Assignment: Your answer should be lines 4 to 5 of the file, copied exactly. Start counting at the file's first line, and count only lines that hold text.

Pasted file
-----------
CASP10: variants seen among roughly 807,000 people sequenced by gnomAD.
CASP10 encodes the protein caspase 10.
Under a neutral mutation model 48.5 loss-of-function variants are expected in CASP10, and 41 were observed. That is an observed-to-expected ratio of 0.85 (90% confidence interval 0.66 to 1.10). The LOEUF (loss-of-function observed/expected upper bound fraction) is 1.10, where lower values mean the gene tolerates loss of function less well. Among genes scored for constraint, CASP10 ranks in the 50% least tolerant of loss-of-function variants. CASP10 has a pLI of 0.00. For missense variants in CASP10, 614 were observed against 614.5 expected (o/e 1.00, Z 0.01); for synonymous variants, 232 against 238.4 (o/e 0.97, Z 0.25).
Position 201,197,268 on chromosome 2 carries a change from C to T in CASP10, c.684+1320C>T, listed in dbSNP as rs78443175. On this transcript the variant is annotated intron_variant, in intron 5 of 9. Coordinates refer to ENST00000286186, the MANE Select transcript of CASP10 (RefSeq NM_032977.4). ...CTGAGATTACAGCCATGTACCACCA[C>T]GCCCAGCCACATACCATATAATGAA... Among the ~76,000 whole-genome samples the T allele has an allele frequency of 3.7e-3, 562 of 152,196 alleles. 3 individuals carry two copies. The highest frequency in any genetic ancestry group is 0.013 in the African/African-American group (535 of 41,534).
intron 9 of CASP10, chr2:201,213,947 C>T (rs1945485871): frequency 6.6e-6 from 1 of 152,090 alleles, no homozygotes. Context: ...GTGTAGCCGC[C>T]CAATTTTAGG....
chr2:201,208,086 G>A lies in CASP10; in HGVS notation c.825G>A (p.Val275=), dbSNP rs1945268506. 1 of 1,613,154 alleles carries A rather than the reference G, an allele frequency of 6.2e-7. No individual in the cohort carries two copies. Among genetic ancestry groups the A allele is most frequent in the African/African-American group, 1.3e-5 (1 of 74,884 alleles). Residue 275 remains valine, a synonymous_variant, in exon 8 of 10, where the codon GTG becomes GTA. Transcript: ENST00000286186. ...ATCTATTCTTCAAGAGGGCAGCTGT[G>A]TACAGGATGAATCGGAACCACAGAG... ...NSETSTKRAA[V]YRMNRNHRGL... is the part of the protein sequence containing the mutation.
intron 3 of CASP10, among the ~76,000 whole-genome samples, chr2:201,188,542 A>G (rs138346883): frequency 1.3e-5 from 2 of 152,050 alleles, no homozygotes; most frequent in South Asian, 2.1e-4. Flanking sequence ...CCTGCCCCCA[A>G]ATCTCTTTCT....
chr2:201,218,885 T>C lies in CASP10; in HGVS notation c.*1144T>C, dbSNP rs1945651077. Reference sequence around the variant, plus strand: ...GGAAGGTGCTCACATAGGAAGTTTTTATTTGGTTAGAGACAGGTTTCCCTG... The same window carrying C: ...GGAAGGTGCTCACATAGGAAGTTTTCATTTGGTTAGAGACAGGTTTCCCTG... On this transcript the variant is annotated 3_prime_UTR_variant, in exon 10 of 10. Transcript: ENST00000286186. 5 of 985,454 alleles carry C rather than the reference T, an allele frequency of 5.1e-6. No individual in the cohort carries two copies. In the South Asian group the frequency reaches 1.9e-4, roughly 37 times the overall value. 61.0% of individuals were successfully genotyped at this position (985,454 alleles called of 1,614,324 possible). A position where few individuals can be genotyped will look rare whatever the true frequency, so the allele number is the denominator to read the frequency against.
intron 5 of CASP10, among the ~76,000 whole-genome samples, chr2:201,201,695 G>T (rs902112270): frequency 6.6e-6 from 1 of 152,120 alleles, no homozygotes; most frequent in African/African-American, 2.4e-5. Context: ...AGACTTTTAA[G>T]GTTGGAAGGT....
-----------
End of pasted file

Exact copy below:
Position 201,197,268 on chromosome 2 carries a change from C to T in CASP10, c.684+1320C>T, listed in dbSNP as rs78443175. On this transcript the variant is annotated intron_variant, in intron 5 of 9. Coordinates refer to ENST00000286186, the MANE Select transcript of CASP10 (RefSeq NM_032977.4). ...CTGAGATTACAGCCATGTACCACCA[C>T]GCCCAGCCACATACCATATAATGAA... Among the ~76,000 whole-genome samples the T allele has an allele frequency of 3.7e-3, 562 of 152,196 alleles. 3 individuals carry two copies. The highest frequency in any genetic ancestry group is 0.013 in the African/African-American group (535 of 41,534).
intron 9 of CASP10, chr2:201,213,947 C>T (rs1945485871): frequency 6.6e-6 from 1 of 152,090 alleles, no homozygotes. Context: ...GTGTAGCCGC[C>T]CAATTTTAGG....